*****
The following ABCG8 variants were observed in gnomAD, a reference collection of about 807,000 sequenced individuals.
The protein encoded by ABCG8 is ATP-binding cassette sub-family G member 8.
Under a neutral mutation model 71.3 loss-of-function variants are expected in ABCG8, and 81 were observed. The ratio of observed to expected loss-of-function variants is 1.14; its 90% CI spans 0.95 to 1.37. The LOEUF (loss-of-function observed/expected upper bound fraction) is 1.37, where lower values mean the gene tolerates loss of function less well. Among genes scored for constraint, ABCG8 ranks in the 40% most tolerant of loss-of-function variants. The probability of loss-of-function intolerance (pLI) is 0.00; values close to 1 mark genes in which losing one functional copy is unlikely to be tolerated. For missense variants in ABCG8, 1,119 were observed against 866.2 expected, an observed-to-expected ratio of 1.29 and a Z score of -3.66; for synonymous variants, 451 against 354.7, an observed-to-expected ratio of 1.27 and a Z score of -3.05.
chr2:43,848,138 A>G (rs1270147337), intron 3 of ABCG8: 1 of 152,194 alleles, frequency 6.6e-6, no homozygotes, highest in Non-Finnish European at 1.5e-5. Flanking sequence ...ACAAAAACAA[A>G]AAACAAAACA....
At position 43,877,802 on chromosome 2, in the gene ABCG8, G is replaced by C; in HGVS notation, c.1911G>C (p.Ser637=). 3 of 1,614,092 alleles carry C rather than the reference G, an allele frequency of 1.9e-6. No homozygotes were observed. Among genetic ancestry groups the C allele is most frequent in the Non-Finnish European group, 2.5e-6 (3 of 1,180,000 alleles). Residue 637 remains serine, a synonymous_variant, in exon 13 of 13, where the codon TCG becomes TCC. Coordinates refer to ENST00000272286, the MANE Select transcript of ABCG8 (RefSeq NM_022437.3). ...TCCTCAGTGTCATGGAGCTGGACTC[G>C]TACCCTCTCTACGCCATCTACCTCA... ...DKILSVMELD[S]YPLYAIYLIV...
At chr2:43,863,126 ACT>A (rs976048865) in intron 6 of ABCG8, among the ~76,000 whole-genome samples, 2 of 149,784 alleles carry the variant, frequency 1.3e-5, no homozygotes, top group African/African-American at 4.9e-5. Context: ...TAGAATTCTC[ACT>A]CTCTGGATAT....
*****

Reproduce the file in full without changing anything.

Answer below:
The following ABCG8 variants were observed in gnomAD, a reference collection of about 807,000 sequenced individuals.
The protein encoded by ABCG8 is ATP-binding cassette sub-family G member 8.
Under a neutral mutation model 71.3 loss-of-function variants are expected in ABCG8, and 81 were observed. The ratio of observed to expected loss-of-function variants is 1.14; its 90% CI spans 0.95 to 1.37. The LOEUF (loss-of-function observed/expected upper bound fraction) is 1.37, where lower values mean the gene tolerates loss of function less well. Among genes scored for constraint, ABCG8 ranks in the 40% most tolerant of loss-of-function variants. The probability of loss-of-function intolerance (pLI) is 0.00; values close to 1 mark genes in which losing one functional copy is unlikely to be tolerated. For missense variants in ABCG8, 1,119 were observed against 866.2 expected, an observed-to-expected ratio of 1.29 and a Z score of -3.66; for synonymous variants, 451 against 354.7, an observed-to-expected ratio of 1.27 and a Z score of -3.05.
chr2:43,848,138 A>G (rs1270147337), intron 3 of ABCG8: 1 of 152,194 alleles, frequency 6.6e-6, no homozygotes, highest in Non-Finnish European at 1.5e-5. Flanking sequence ...ACAAAAACAA[A>G]AAACAAAACA....
At position 43,877,802 on chromosome 2, in the gene ABCG8, G is replaced by C; in HGVS notation, c.1911G>C (p.Ser637=). 3 of 1,614,092 alleles carry C rather than the reference G, an allele frequency of 1.9e-6. No homozygotes were observed. Among genetic ancestry groups the C allele is most frequent in the Non-Finnish European group, 2.5e-6 (3 of 1,180,000 alleles). Residue 637 remains serine, a synonymous_variant, in exon 13 of 13, where the codon TCG becomes TCC. Coordinates refer to ENST00000272286, the MANE Select transcript of ABCG8 (RefSeq NM_022437.3). ...TCCTCAGTGTCATGGAGCTGGACTC[G>C]TACCCTCTCTACGCCATCTACCTCA... ...DKILSVMELD[S]YPLYAIYLIV...
At chr2:43,863,126 ACT>A (rs976048865) in intron 6 of ABCG8, among the ~76,000 whole-genome samples, 2 of 149,784 alleles carry the variant, frequency 1.3e-5, no homozygotes, top group African/African-American at 4.9e-5. Context: ...TAGAATTCTC[ACT>A]CTCTGGATAT....